What were you doing in fifth grade?

At Zionsville Middle School West, fifth-grade students of Humanities in Stevie Franks’ classroom are becoming expert podcast producers. They’ve done so well with their study of this communication vehicle, that later this month they will instruct Assistant Superintendent of Zionsville Schools Kris Deveraex in the “how to” when she visits.

Together, the students created three podcasts worthy of entry in the NPR (National Public Radio) Student Podcast Challenge. The nationwide contest, now in its second year, was a huge success out of the gate. Introduced in 2018 and open to students in grades 5-12, the inaugural event drew entries from about 25,000 students in all 50 states and the District of Columbia.

There is a criteria set forth by the call for entries, and the podcasts are to be created based on a lesson or classroom experience. Franks’ students read thought-provoking novels in groups and then created their projects from themes or inspiration launched from the books.

A recent online poll by The Lebanon Reporter queried readers: Do you listen to podcasts? The results were nearly split down the middle with 52% responding yes, and 48% saying “no” to the question.

For the uninitiated, a podcast is an online audio recording, which a listener can select and enjoy according to their own interests. It is like talk radio, where the listener controls what the topic is and who the speaker and guests are. Podcasts are available in forms from recorded interviews (especially handy if you are not available when the live broadcast takes place) to specific genre topics. Currently, one of the most popular podcast categories is those that discuss or chronicle true crime stories. Perhaps equally popular are those casts which offer self-help and career or financial advice.

The fifth-graders took on three topics for their entries. As mentioned above, the inspiration for each came from a book they read. One group named their podcast “Difference not Disability,” where they investigated and discussed chronic illnesses and physical differences and similarities of those who live with the conditions.

Another group worked in a similar vein exploring Autism and the wide spectrum of its presentation via their podcast “Different but not so Different.” This group used the diagnostic standards for autism to understand the wide spectrum of abilities, and obstacles that autism presents to those living with a brain wired differently in some ways, but the same in so many other ways.

The third podcast Franks’ students entered in the NPR competition is called “Love Star West.” As a spin off of a novel in the Stargirl series by author Jerry Spinelli, their podcast looks at the popular “Random Acts of Kindness” movement and the positive effect on society in both their daily lives, and the wider world.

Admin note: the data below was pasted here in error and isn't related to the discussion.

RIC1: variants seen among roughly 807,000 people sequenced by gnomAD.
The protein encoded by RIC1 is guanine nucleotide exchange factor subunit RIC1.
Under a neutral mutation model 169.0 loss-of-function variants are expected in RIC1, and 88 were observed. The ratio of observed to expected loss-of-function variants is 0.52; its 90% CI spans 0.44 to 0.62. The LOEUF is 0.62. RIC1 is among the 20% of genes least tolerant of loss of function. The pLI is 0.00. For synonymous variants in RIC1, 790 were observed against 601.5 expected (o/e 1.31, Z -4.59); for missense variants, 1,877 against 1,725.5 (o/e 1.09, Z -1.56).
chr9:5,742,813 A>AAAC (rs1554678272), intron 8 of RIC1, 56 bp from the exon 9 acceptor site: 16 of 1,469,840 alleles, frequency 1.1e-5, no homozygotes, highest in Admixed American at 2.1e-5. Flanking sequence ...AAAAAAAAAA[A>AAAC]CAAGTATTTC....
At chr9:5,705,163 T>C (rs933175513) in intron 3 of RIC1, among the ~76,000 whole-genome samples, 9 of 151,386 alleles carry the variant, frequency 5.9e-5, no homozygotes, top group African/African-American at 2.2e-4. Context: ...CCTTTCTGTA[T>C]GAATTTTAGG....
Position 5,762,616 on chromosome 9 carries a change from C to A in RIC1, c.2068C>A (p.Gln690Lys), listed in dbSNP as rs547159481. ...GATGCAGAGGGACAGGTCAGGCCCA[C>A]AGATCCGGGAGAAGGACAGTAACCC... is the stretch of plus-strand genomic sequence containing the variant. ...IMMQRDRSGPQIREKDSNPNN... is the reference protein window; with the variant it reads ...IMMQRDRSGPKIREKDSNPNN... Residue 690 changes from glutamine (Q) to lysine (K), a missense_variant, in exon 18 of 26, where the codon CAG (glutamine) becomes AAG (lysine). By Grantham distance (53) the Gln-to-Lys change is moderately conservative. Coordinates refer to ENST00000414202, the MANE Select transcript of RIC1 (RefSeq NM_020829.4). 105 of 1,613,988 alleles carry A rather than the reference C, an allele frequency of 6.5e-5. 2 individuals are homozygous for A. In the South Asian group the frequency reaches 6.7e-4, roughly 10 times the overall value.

Beyond the impressive choice of themes explored in these fifth-grade podcasts is the production of them, which was fully in the hands of students. In collaborative groups, they worked at producing quality pieces. Students learned and applied aspects of production including script editing, personality/presence, organization of topic toward a quality piece, selection and interviewing of guests, as well as research and fact checking for accuracy and credentials of sources.

But there was so much more within the lessons. Students mentioned that the small group work with each area of focus coming together to make a podcast to be proud of, really allowed them to get to know one and another. One student’s musical talents were especially handy when applied as a resource – he plays eight instruments and his ukulele riffs made for an excellent intro for one topic.

They also discovered while working in collaborative teams that though you may initially disagree with someone else, their idea or opinion could be quite valuable for presenting a different perspective. One group noted that they’d discovered that “without research, you can have no podcast, you’re just telling a story.”

The lessons learned were far-reaching. Ranging from tone of voice and presentation of material, to snappy ways to catch and hold a listener’s attention, whether through use of humor, or using a “wrap” technique of posing a seemingly unrelated question up front, and then answering it at the end.

The Zionsville entries are submitted. However, there will be no announcement of winners until some time over summer break. At the end of judging, all entries will be available to hear through NPR’s bank of podcasts.

On a happy note resulting from all the closings and delays across the country currently occurring in an effort to stem the spread of COVID-19, NPR announced that the submission deadline would be extended to April 7. Because of this, one of the ZMSW podcasts that was previously not ready to enter because of unforeseen circumstances, will be eligible for the competition alongside the other three.

Frank’s fifth-grade Pod People will be well represented.

By Kassie Ritman writes for The Lebanon Reporter. Email her at Kassie.Ritman@reporter.net.

This Week's Circulars

Recommended for you